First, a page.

The Integrated Summary observed: “Client’s current stressors include the loss of 3 grandparents within the past 3 years, the end of a friendship, and a breakup with a boyfriend. Clt appears to be in a caretaker role for the ex-boyfriend who has mental health issues. Clt appears to cope with anxiety by controlling food intake and caretaking others.” (Bold added)
Michelle did not share with anyone that Conrad had emotionally tormented her for two years with threats of suicide before pushing her to agree to help him to achieve his goal of going to heaven.
In addition, both Michelle and Conrad were taking antidepressant drugs that commonly worsen the mental condition and behavior of young people. These drugs double the rate of suicidal behavior in short-term controlled clinical trials and increase that risk even more in routine community treatment where supervision is sparser, consent comparatively inadequate, and patients suffer from more complicated problems, such as Michelle’s anorexia and Conrad’s multiple prior suicide attempts. Many studies have shown that these same antidepressants cause antisocial behavior in a high percentage of young people (see Parts I & II). The FDA-approved Full Prescribing Information for Celexa lists the following adverse psychiatric effects:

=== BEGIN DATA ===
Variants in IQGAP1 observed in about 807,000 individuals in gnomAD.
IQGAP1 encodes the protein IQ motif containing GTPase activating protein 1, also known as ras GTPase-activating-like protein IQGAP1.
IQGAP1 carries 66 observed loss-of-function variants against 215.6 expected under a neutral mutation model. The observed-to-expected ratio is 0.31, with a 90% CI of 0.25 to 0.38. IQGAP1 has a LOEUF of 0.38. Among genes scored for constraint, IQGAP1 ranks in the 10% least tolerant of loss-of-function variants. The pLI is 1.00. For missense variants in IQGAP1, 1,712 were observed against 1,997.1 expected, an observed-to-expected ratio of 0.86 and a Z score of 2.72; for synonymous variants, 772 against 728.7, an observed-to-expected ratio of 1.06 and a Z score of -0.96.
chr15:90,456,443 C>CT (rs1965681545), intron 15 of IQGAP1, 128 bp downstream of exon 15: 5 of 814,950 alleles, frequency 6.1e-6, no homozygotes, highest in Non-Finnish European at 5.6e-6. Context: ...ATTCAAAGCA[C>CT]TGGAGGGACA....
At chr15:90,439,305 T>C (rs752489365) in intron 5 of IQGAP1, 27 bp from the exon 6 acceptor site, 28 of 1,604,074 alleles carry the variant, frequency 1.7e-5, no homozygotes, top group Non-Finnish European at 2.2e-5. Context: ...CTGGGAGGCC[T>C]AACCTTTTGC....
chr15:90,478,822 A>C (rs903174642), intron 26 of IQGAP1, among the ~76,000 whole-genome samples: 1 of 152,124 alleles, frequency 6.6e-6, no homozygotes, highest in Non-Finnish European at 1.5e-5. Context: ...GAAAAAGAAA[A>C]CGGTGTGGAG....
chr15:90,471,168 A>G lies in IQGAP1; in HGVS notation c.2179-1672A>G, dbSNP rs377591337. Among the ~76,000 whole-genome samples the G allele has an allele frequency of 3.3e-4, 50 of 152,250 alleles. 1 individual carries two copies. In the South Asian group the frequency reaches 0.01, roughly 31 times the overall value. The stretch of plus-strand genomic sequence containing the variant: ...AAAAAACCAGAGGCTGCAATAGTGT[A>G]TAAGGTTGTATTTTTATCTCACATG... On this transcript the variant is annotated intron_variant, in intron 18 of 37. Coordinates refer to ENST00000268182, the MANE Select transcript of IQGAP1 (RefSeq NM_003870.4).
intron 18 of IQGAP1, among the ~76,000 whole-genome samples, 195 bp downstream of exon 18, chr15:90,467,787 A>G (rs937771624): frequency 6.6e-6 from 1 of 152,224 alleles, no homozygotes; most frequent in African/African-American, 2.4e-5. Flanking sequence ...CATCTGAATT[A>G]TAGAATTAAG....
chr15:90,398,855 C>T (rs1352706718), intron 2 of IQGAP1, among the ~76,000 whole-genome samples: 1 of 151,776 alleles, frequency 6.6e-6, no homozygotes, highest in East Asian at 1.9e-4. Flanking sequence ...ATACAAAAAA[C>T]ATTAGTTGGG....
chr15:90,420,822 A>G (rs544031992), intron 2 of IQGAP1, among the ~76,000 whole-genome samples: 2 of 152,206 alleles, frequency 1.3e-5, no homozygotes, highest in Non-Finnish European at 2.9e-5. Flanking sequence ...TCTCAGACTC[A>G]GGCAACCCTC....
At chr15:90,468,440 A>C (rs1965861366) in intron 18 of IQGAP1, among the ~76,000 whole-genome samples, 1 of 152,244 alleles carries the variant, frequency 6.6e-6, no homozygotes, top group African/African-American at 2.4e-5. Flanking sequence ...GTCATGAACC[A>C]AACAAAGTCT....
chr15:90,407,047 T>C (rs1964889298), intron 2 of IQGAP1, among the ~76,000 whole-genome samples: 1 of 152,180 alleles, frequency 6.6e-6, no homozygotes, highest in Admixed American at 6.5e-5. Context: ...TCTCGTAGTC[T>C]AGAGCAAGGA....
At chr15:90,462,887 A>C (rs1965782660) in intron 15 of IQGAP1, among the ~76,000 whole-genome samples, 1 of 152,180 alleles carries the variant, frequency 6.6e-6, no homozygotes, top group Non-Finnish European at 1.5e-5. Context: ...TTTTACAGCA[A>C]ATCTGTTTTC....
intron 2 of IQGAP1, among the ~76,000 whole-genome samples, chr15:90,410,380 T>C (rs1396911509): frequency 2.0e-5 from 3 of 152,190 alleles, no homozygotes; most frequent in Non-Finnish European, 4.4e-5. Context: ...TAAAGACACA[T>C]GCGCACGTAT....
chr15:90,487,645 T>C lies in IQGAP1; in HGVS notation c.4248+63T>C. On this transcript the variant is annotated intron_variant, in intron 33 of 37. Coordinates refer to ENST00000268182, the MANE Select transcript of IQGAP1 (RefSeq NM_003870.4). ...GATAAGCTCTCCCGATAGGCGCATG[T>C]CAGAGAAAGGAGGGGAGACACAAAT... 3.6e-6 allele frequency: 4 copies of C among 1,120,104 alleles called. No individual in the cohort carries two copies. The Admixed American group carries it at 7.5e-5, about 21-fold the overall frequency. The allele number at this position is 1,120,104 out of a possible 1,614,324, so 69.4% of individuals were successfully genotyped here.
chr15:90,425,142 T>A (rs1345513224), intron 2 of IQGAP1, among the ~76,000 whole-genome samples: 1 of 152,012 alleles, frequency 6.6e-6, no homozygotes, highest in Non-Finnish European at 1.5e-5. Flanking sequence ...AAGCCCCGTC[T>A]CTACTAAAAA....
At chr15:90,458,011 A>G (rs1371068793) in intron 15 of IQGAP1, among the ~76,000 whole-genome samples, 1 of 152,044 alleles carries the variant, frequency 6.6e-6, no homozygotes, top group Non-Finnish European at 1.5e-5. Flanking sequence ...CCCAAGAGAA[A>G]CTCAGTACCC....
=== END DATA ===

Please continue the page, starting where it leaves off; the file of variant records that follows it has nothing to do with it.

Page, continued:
Psychiatric Disorders – Frequent: impaired concentration, amnesia, apathy, depression, increased appetite, aggravated depression, suicide attempt, confusion.
Infrequent: increased libido, aggressive reaction … drug dependence, depersonalization, hallucination, euphoria, psychotic depression, delusion, paranoid reaction, emotional lability, panic reaction, psychosis. Rare: catatonic reaction, melancholia. P. 27
The above paragraph shows how antidepressant drug effects could account entirely for Michelle’s negative transformation in personality and behavior during the ten days before Conrad’s death. A “frequent” event is one that occurred at least once in a hundred cases in the clinical trials, and again, these same effects will be worse and more frequent in the greater complexities of routine medical practice.
The Judge Renders His Verdict
As Judge Moniz got ready to announce his verdict, he initially emphasized the flimsiness of the state’s case. Conrad, the judge reminded us, was continually talking about suicide and researched the methods “extensively.” Conrad by himself thought of and obtained the water pump that filled his truck with carbon monoxide fumes. He had even fixed the water pump on his own when it broke down. Michelle Carter was nowhere near Conrad and had no direct hand in his death.
After reciting some of the many weaknesses of the state’s case, Judge Moniz’s tone seemed to harden. He emphatically declared, “When Miss Carter realizes that Mr. Roy has exited the truck, she instructs him to get back into the truck which she has reason to know is or is becoming a toxic environment inconsistent with human life.” (These key remarks begin at 6:23 minutes of June 16, 2017 video “Judge’s Determination of Guilt” available on my Michelle Carter Archives.)